Asian Military Modernisation Continues 2013 – 2014

From: Military Balance IISS

Most Asian states have been expanding their military budgets and attempting to improve their armed forces’ capabilities in recent years. This is largely a result of increasing uncertainty about the future distribution of power in the region and widespread suspicions, in some cases increasing tension, among regional armed forces. While these efforts are intended to deter potential adversaries, there is substantial evidence of action-reaction dynamics taking hold and influencing regional states’ military programmes.

Anindita Saktiaji - Military Asia

Analysts were waiting at the end of 2012 to see what effect China’s once-in-a-decade leadership change might have on the wider Asian region. New capabilities displayed in 2012 provided further evidence of China’s efforts to expand the capabilities of its People’s Liberation Army (PLA). The United States’ ‘rebalance’ to the Asia-Pacific and associated Air–Sea Battle concept were both widely seen as responses to Beijing’s growing power and assertiveness in the region.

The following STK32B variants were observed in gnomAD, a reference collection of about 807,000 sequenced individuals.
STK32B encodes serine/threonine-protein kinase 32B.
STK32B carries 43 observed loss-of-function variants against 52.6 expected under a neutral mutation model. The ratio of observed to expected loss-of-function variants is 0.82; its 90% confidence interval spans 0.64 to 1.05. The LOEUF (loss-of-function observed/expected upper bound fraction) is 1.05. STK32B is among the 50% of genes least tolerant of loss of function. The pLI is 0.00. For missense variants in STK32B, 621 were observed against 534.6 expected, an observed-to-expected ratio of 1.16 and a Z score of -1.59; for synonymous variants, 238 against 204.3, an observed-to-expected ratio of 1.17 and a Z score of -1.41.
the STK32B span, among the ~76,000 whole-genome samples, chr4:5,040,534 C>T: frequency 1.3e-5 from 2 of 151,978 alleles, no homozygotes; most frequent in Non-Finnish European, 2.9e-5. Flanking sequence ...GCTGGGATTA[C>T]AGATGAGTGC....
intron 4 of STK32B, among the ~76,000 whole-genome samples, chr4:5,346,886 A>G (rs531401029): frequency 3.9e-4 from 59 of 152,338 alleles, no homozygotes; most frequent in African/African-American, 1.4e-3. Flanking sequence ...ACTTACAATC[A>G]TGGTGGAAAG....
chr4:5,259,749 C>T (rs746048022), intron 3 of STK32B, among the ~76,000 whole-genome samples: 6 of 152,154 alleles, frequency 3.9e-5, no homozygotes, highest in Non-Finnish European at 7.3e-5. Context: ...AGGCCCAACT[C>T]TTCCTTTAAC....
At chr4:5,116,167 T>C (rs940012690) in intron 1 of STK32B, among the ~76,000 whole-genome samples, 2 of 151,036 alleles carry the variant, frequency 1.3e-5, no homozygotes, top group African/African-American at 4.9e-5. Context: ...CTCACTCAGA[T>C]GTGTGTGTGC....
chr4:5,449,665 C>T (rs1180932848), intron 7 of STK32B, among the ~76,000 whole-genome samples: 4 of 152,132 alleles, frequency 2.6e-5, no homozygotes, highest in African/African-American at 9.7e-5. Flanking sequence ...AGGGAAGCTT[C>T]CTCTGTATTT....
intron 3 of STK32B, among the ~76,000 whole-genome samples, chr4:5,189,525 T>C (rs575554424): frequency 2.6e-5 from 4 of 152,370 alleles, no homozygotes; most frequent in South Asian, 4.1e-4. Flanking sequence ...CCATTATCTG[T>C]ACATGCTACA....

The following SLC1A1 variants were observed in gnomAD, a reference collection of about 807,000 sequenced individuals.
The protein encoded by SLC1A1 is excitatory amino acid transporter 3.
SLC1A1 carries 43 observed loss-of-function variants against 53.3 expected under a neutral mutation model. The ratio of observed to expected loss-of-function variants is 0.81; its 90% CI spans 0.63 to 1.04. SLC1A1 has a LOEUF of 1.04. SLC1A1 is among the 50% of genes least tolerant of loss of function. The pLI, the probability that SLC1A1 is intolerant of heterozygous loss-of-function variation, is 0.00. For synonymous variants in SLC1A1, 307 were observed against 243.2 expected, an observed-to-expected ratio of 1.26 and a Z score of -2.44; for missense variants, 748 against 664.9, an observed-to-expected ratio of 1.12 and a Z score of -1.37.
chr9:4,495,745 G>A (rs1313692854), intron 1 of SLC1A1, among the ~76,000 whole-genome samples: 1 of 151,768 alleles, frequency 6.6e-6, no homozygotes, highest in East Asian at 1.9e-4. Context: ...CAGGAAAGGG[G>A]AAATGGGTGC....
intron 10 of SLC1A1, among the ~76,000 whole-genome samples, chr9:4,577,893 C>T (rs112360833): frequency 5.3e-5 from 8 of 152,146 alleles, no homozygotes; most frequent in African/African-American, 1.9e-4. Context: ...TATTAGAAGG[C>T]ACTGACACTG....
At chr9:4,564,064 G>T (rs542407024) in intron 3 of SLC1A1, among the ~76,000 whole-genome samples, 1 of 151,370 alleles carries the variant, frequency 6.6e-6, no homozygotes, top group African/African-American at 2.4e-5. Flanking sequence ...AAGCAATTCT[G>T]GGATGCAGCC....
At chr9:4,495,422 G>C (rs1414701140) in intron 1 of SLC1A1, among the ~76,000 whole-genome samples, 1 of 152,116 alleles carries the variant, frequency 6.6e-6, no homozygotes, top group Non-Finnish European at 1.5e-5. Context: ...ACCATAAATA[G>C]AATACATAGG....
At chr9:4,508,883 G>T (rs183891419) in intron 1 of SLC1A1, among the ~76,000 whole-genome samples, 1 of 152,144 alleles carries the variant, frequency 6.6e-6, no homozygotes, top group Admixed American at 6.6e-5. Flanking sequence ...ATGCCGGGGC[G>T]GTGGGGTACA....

Concerns about Beijing’s growing assertiveness were also reflected in rising tensions over maritime disputes in the East and South China Seas. China’s maritime agencies have continued to send paramilitary vessels to promote and defend its extensive but ill-defined claims in the South China Sea. Meanwhile, China finally commissioned its first aircraft carrier, the Liaoning, in September 2012. Some Chinese commentators emphasised the significance of the Liaoning’s commissioning in relation to the maritime disputes around China’s littoral, and the Liaoning’s commissioning certainly affected other regional states’ assessments of Chinese power.